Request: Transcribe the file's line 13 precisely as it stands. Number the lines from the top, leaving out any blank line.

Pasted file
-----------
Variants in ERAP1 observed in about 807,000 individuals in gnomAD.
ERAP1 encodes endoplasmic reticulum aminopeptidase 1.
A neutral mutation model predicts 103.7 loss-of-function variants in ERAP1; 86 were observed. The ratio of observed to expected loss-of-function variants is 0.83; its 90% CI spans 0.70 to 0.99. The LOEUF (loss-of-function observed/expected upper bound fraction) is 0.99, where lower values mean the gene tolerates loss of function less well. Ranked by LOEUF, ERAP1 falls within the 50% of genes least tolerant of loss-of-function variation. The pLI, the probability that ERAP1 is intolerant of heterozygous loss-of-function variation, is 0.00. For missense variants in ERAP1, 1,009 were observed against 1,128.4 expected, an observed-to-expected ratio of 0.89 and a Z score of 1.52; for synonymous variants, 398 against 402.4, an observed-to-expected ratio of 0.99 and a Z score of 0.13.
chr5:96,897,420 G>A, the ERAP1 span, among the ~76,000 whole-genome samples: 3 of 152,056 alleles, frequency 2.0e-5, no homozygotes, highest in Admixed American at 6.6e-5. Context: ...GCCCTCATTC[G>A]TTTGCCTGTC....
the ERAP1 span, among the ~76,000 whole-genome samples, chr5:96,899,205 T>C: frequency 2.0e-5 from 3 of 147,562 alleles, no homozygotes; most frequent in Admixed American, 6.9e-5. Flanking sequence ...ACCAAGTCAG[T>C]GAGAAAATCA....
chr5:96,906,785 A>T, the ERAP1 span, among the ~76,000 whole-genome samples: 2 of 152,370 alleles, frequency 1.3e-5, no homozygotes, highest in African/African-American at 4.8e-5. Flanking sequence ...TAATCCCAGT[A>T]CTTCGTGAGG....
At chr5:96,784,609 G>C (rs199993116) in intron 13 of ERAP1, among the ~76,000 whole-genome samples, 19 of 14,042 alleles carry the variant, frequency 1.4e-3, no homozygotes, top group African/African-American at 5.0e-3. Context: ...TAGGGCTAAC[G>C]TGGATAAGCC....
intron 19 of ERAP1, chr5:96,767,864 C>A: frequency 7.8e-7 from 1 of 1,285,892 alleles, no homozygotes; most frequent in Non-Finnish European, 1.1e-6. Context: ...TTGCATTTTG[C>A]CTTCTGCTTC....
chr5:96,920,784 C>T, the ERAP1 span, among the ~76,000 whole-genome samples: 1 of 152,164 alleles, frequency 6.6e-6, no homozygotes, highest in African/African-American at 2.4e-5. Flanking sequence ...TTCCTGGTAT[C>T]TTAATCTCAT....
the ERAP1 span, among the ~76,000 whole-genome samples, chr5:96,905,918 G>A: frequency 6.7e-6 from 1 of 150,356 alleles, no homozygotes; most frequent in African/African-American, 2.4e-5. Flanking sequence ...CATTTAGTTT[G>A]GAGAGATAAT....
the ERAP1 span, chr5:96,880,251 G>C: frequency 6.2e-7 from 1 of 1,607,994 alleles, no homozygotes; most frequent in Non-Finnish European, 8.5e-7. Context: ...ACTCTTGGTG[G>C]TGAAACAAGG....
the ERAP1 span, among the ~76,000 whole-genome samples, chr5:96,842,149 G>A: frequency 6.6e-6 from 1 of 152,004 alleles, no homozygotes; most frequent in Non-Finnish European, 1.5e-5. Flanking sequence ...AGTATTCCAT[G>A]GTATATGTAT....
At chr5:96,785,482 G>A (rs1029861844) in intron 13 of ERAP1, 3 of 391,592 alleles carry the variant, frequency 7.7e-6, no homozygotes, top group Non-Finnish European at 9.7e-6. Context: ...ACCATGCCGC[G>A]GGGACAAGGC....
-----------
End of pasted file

At chr5:96,785,482 G>A (rs1029861844) in intron 13 of ERAP1, 3 of 391,592 alleles carry the variant, frequency 7.7e-6, no homozygotes, top group Non-Finnish European at 9.7e-6. Context: ...ACCATGCCGC[G>A]GGGACAAGGC....